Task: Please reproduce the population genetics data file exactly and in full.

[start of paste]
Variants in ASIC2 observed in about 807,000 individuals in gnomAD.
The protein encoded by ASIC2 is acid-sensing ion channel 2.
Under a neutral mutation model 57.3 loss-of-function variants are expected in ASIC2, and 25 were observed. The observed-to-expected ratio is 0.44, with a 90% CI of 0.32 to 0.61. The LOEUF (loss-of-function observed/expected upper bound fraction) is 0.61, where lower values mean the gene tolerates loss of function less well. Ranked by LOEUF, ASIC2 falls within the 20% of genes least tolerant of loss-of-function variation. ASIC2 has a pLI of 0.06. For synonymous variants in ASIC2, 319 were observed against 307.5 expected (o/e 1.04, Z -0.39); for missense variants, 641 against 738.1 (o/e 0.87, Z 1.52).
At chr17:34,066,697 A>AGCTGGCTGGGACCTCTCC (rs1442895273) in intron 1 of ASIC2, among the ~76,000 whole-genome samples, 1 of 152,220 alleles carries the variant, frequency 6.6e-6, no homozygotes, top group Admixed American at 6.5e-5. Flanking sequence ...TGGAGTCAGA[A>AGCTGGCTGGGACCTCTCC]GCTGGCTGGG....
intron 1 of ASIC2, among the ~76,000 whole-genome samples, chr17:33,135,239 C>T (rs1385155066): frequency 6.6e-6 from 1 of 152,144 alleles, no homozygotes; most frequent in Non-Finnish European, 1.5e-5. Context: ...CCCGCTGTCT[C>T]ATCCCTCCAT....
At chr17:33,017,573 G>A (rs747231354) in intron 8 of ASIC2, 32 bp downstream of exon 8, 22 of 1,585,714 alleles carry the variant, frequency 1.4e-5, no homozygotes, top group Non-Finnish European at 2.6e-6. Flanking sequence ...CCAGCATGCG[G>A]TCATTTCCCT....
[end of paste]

Variants in ASIC2 observed in about 807,000 individuals in gnomAD.
The protein encoded by ASIC2 is acid-sensing ion channel 2.
Under a neutral mutation model 57.3 loss-of-function variants are expected in ASIC2, and 25 were observed. The observed-to-expected ratio is 0.44, with a 90% CI of 0.32 to 0.61. The LOEUF (loss-of-function observed/expected upper bound fraction) is 0.61, where lower values mean the gene tolerates loss of function less well. Ranked by LOEUF, ASIC2 falls within the 20% of genes least tolerant of loss-of-function variation. ASIC2 has a pLI of 0.06. For synonymous variants in ASIC2, 319 were observed against 307.5 expected (o/e 1.04, Z -0.39); for missense variants, 641 against 738.1 (o/e 0.87, Z 1.52).
At chr17:34,066,697 A>AGCTGGCTGGGACCTCTCC (rs1442895273) in intron 1 of ASIC2, among the ~76,000 whole-genome samples, 1 of 152,220 alleles carries the variant, frequency 6.6e-6, no homozygotes, top group Admixed American at 6.5e-5. Flanking sequence ...TGGAGTCAGA[A>AGCTGGCTGGGACCTCTCC]GCTGGCTGGG....
intron 1 of ASIC2, among the ~76,000 whole-genome samples, chr17:33,135,239 C>T (rs1385155066): frequency 6.6e-6 from 1 of 152,144 alleles, no homozygotes; most frequent in Non-Finnish European, 1.5e-5. Context: ...CCCGCTGTCT[C>T]ATCCCTCCAT....
At chr17:33,017,573 G>A (rs747231354) in intron 8 of ASIC2, 32 bp downstream of exon 8, 22 of 1,585,714 alleles carry the variant, frequency 1.4e-5, no homozygotes, top group Non-Finnish European at 2.6e-6. Flanking sequence ...CCAGCATGCG[G>A]TCATTTCCCT....